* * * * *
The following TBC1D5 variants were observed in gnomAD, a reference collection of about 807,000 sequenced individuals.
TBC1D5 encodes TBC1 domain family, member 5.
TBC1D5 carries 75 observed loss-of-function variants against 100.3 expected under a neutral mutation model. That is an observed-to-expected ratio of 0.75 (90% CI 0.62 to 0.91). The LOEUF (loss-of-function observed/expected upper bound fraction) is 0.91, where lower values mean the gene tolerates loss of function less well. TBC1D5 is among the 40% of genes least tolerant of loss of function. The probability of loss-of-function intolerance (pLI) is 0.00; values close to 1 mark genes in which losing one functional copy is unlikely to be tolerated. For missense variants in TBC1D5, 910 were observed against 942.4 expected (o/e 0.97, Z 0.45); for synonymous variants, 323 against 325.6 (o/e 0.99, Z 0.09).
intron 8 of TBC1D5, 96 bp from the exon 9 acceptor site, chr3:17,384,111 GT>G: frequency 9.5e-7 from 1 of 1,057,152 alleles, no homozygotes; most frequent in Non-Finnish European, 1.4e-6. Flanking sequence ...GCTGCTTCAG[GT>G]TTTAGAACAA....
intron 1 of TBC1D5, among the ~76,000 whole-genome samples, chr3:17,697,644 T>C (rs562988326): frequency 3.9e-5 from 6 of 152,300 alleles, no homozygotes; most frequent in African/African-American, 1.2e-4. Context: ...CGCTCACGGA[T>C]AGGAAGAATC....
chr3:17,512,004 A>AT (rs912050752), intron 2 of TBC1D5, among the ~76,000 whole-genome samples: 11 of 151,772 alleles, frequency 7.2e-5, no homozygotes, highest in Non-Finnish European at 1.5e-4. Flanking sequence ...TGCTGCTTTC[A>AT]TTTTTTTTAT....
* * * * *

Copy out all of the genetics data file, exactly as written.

The following TBC1D5 variants were observed in gnomAD, a reference collection of about 807,000 sequenced individuals.
TBC1D5 encodes TBC1 domain family, member 5.
TBC1D5 carries 75 observed loss-of-function variants against 100.3 expected under a neutral mutation model. That is an observed-to-expected ratio of 0.75 (90% CI 0.62 to 0.91). The LOEUF (loss-of-function observed/expected upper bound fraction) is 0.91, where lower values mean the gene tolerates loss of function less well. TBC1D5 is among the 40% of genes least tolerant of loss of function. The probability of loss-of-function intolerance (pLI) is 0.00; values close to 1 mark genes in which losing one functional copy is unlikely to be tolerated. For missense variants in TBC1D5, 910 were observed against 942.4 expected (o/e 0.97, Z 0.45); for synonymous variants, 323 against 325.6 (o/e 0.99, Z 0.09).
intron 8 of TBC1D5, 96 bp from the exon 9 acceptor site, chr3:17,384,111 GT>G: frequency 9.5e-7 from 1 of 1,057,152 alleles, no homozygotes; most frequent in Non-Finnish European, 1.4e-6. Flanking sequence ...GCTGCTTCAG[GT>G]TTTAGAACAA....
intron 1 of TBC1D5, among the ~76,000 whole-genome samples, chr3:17,697,644 T>C (rs562988326): frequency 3.9e-5 from 6 of 152,300 alleles, no homozygotes; most frequent in African/African-American, 1.2e-4. Context: ...CGCTCACGGA[T>C]AGGAAGAATC....
chr3:17,512,004 A>AT (rs912050752), intron 2 of TBC1D5, among the ~76,000 whole-genome samples: 11 of 151,772 alleles, frequency 7.2e-5, no homozygotes, highest in Non-Finnish European at 1.5e-4. Flanking sequence ...TGCTGCTTTC[A>AT]TTTTTTTTAT....